An archaeology of crisis: The manipulation of social spaces in the Blue Mountain coffee plantation complex of Jamaica, 1790-1865
Between 1790 and 1865, the Jamaican political economy experienced a series of structural crises which precipitated changes in the relations of production on the island. Faced with changes within the global circulation of capital, groups of Jamaican elites, using their positions of privilege within the socio-economic hierarchy of the island, attempted to manipulate the socio-economic upheavals of the nineteenth century to maintain and reinforce their wealth, power, and status within Jamaican society. Within this context, large-scale coffee production, first using slave- and then later wage-based labor systems, was introduced to Jamaica for the first time. The introduction and development of this industry in one coffee producing region, the Yallahs drainage of the Blue Mountains in the southeastern quadrant of the island, are considered as manifestations of the global change that was affecting Jamaica at the time.
A crucial component of the socio-economic manipulations of the nineteenth century was the introduction and negotiation of new social spaces. Two sequential phases of negotiation were experienced and have been interpreted: the introduction of coffee production under slavery, and the reorganization of labor/capital relations following emancipation. The intentions behind, and the often contested results of, the elites' attempts at restructuring the logic of accumulation during these phases of manipulation are interpreted by examining the historical, cartographic, and archaeological records. These various data sets are considered to be manifestations of three interrelated dimensions of space: the cognitive, the social and the material. By examining plantation space in this theoretical context, this dissertation interprets the way new spaces were designed and intended by elites to reinforce new social relations, and how such manipulations were resisted by the African-Jamaican majority in the Yallahs region.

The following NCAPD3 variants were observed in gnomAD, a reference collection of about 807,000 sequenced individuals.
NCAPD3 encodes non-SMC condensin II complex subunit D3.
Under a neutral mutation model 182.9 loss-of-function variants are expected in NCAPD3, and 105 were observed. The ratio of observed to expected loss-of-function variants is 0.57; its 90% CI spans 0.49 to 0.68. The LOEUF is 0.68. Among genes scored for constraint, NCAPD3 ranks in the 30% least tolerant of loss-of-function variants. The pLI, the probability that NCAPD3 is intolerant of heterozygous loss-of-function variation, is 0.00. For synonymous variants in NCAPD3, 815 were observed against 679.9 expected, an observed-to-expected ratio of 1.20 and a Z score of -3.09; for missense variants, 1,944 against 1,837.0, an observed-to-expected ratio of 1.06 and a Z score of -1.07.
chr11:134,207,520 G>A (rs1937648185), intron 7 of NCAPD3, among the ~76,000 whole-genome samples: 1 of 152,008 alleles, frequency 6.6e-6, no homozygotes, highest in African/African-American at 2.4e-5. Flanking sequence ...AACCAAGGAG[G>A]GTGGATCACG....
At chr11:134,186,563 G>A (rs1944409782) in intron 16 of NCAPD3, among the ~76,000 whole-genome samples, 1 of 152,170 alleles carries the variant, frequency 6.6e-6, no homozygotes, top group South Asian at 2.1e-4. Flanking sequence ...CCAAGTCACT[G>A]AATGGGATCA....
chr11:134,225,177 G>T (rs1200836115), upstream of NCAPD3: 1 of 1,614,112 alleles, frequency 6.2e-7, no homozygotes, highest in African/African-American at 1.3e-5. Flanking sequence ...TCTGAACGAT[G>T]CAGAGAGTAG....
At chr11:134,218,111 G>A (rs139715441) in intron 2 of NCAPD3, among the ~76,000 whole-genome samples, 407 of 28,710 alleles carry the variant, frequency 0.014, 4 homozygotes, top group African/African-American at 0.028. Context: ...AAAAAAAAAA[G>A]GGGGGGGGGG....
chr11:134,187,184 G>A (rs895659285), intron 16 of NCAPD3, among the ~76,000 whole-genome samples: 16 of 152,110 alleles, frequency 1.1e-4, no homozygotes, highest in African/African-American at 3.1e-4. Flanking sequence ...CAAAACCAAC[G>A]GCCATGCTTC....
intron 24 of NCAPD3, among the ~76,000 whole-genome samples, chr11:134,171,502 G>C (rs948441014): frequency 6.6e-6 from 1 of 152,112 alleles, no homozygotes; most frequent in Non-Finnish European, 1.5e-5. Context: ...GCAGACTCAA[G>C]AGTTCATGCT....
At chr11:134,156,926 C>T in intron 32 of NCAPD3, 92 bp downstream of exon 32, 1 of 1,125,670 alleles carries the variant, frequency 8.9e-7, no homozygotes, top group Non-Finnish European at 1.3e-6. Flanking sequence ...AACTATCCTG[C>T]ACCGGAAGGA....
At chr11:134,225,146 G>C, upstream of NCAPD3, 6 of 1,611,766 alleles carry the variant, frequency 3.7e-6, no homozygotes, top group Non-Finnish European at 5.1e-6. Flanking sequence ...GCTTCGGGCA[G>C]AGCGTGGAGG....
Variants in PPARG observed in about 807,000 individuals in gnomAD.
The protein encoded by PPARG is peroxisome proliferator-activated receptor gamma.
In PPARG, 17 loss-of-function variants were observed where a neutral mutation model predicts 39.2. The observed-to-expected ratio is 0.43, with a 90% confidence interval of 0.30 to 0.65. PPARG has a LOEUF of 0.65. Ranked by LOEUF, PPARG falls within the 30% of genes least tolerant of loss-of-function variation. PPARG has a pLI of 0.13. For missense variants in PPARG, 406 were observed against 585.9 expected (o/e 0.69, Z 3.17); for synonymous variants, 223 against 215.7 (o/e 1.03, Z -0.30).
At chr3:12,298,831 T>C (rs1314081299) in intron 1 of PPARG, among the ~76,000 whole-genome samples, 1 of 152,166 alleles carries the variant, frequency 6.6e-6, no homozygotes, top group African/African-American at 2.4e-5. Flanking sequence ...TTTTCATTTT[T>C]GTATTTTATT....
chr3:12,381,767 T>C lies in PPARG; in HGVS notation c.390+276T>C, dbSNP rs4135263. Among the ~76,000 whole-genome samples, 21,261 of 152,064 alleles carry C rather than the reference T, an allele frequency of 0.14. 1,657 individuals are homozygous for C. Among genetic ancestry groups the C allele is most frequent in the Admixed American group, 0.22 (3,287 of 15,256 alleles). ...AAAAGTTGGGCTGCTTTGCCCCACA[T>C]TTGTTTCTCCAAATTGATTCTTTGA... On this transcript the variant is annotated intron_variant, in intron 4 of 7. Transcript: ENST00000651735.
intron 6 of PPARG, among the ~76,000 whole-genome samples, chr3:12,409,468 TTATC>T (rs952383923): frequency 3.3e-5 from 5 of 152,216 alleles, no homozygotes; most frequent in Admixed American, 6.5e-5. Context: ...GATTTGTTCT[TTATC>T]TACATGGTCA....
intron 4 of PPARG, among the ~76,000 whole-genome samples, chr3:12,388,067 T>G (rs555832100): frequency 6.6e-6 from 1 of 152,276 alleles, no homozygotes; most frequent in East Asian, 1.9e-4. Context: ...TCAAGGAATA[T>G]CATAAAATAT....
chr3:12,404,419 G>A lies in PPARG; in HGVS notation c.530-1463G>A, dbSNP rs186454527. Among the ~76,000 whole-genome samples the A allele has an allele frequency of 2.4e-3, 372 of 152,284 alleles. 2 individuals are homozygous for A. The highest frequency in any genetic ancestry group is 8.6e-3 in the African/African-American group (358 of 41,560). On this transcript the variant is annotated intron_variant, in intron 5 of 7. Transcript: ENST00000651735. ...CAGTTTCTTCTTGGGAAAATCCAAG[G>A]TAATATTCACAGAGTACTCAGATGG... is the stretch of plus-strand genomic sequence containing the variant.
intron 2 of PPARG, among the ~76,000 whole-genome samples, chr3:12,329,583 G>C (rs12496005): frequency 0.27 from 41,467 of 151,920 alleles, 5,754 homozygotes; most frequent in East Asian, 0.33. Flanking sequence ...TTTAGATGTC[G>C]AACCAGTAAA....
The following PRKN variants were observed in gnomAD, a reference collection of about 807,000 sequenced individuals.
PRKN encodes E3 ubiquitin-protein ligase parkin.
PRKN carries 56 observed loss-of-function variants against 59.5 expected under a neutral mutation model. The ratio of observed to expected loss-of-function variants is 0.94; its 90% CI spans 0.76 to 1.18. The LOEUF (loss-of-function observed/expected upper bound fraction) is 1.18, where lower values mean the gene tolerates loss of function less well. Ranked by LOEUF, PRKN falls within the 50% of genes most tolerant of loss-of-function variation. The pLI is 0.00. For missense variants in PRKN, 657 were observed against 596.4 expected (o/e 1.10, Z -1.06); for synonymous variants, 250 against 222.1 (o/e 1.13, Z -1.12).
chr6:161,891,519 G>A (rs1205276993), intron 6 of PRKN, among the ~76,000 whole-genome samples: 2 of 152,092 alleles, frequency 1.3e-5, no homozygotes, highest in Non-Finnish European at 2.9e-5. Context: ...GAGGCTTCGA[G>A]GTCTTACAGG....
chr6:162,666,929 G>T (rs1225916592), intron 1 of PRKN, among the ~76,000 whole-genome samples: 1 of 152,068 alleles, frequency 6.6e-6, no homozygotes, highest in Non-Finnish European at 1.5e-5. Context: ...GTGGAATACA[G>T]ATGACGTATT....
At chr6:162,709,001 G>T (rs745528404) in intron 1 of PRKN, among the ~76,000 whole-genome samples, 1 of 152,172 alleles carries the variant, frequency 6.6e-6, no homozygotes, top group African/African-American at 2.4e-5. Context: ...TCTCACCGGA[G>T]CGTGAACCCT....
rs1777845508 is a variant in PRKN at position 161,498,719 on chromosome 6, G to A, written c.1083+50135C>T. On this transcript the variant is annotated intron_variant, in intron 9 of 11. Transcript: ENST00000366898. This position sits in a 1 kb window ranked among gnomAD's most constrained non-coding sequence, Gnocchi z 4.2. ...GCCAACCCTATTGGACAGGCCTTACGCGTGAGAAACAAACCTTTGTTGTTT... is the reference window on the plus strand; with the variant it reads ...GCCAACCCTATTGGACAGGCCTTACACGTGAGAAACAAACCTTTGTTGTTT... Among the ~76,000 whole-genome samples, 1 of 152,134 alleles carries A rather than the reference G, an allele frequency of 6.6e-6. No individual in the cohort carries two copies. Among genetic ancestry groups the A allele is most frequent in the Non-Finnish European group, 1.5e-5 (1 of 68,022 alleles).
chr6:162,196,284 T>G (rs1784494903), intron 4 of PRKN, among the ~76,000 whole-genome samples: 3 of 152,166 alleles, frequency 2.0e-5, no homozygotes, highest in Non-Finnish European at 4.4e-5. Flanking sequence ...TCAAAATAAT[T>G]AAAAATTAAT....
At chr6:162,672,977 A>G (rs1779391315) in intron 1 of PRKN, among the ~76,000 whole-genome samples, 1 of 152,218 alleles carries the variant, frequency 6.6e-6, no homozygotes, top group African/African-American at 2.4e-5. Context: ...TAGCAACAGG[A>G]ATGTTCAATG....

0326: Cultural anthropology
0503: Agricultural economics
0509: Economic history
0510: Labor economics